Roxbury’s Dave Moore’s Wonderful Football Life

Photo credit: Matt May Photography, Inc., Tampa, FL

 

By Steve Sears

Dave Moore, whose name may sound familiar to area sports fans, currently owns and runs Moore Resources Insurance of St. Petersburg, Florida, a multi-line insurance agency ensuring proper commercial and personal insurance level coverage for clients. Important, necessary stuff.

However, as paramount as the above is, so are his past gridiron exploits. Moore played sports locally at Roxbury High School and  was a tight end for 15 seasons in the National Football League, lining up at scrimmage for the Miami Dolphins, Tampa Bay Buccaneers, and Buffalo Bills.

Moore, who played for the Roxbury High School football team from 1985 – 1987, was both a New Jersey All-State player, as well as an All Tri-State (Connecticut, New Jersey, and New York) performer. He also took part in basketball, baseball, and track and field.

Moore has been a radio analyst for the Buccaneers since 2007 (his contract was recently extended through the 2021 season) and is also a partner in a seafood restaurant, the Island Way Grill in Clearwater. He and his wife, Ann, have lived in Florida for 25 years, and they are parents to a daughter, Halee, and a son, Jake. Even though 1,000 plus miles away down the eastern seaboard in a state he has lived in for 25 years, Moore is still fond of where he was raised. “Roxbury was a great place to grow up,” he says. “I actually lived in Port Morris, and it was great for us as kids because it was right on Lake Musconetcong, and it was by the railroad tracks. You had the Musconetcong River that connected Lake Hopatcong and Lake Musconetcong, so it was great for us with the woods and the lake, and we had a park in the backyard where we played every sport you could play.” 

Moore went through the school system and then he and his football team attained  success together. “Those years

growing up in Roxbury, I don’t care who you are, they really define who you are and everything you carry with you for the rest of your life is really defined and molded. For me, it was a great experience; I still talk to my buddies from up there, and we still talk about the Roxbury days. We had a pretty good run in high school in football.” Moore also did not taste a title in Roxbury, the club losing in the state championship game two years in a row to gridiron powerhouse, Union – the second loss coming in overtime. “We had a close group of guys on that team.” He then adds, “And it was funny, even when I went on to college (the University of Pittsburgh) and the pros, when they (his high school coaches) were watching games on TV, they could always tell where I was by my stance, that they taught me while I was in high school.”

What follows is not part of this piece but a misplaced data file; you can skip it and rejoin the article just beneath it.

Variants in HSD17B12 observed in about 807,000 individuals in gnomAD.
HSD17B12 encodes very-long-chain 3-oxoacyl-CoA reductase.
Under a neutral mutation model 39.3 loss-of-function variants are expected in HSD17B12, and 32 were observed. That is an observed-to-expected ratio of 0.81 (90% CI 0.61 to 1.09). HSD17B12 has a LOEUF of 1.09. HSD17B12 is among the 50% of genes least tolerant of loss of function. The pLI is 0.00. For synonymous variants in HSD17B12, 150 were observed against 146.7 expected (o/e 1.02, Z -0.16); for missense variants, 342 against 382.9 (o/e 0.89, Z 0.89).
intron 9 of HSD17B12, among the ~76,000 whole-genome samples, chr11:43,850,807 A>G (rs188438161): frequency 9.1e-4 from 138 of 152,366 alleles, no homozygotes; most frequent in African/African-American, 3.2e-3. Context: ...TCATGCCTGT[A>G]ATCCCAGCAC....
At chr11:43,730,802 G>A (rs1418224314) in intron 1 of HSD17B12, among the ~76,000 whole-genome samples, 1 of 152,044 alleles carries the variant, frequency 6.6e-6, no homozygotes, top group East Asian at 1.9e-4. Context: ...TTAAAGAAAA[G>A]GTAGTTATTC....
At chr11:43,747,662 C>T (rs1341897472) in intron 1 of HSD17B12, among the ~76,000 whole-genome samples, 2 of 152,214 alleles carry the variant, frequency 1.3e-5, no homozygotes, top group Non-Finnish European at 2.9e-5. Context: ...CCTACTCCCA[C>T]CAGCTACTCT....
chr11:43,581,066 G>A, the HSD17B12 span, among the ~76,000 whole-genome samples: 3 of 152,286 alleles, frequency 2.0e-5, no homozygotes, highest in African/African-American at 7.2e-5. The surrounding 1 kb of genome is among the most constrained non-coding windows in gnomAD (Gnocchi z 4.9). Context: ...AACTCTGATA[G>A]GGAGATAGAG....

Moore was drafted by the Dolphins in 1992, but his stay was a short one. “I got put on the practice or development squad,” he recalls, “and I was activated and played a game, but then was on and off the roster, and then I got picked up in Tampa (Bay Buccaneers), and I played Tampa ’92 through ’01, went to Buffalo in ’02 and ’03, and then I was back in Tampa ’04, ’05, and ’06.”

Moore, who was selected to the NFL Pro Bowl in 2007, and for his career caught 207 passes for 2,028 yards and 28 TDs, is asked about one commentator coining him “reliable” during a Tampa Bay game, and he agrees. “Yeah, I wasn’t a guy who would get a ton of passes. You’ve got the wide receivers, and at that time, the Bucs were primarily running the football – you had (Mike) Alstott and we had Warrick Dunn – you had a really good defense, so we really didn’t throw it a ton. But for sure, when they needed a first down or needed a touchdown in the red zone, I was definitely on the top of their list.” Moore never played for a Super Bowl winner, but he and the Buccaneers came close, falling in the 1999 NFC Championship game to the St. Louis Rams, 11 – 6.

Moore was on the receiving end of passes from two Super Bowl winning quarterbacks, Trent Dilfer and Brad Johnson, and two others who made it to the big game, Drew Bledsoe and Dan Marino. The best of the four, he feels, was the one he spent the least amount of time with as a teammate. “Dan Marino. I caught the most touchdowns from Trent Dilfer – who won a Super Bowl with Baltimore (Ravens) – but I seem to be on the same page the best with Brad Johnson. I also played with Drew Bledsoe up in Buffalo. I played with a lot of quarterbacks,” he says while laughing. As for the toughest opponent to face and a specific individual, Moore doesn’t hesitate. “The opponent that was always rough was Green Bay. The division we were in was the NFC Central back in the 90s, and I think I played up there 12 times and only won once. Reggie White was by far the toughest guy to block. And I tried a lot of times, but when he really wanted to go, he was a tough guy to stop. If you look at his highlight film, he was throwing around 320 lb. guys.” 

Moore is most grateful for the experience to play professional football. “I’ve had 15 surgeries, a few broken bones, a collapsed lung, some concussions – all of these things along the way,” he says. “But the opportunity to play, and the experience you had with the other players – that’s the stuff you miss.”

“Yeah, some of the memories of catches and games were great, but you miss the guys that you do it with. That’s for sure the high mark that you’re grateful for.”

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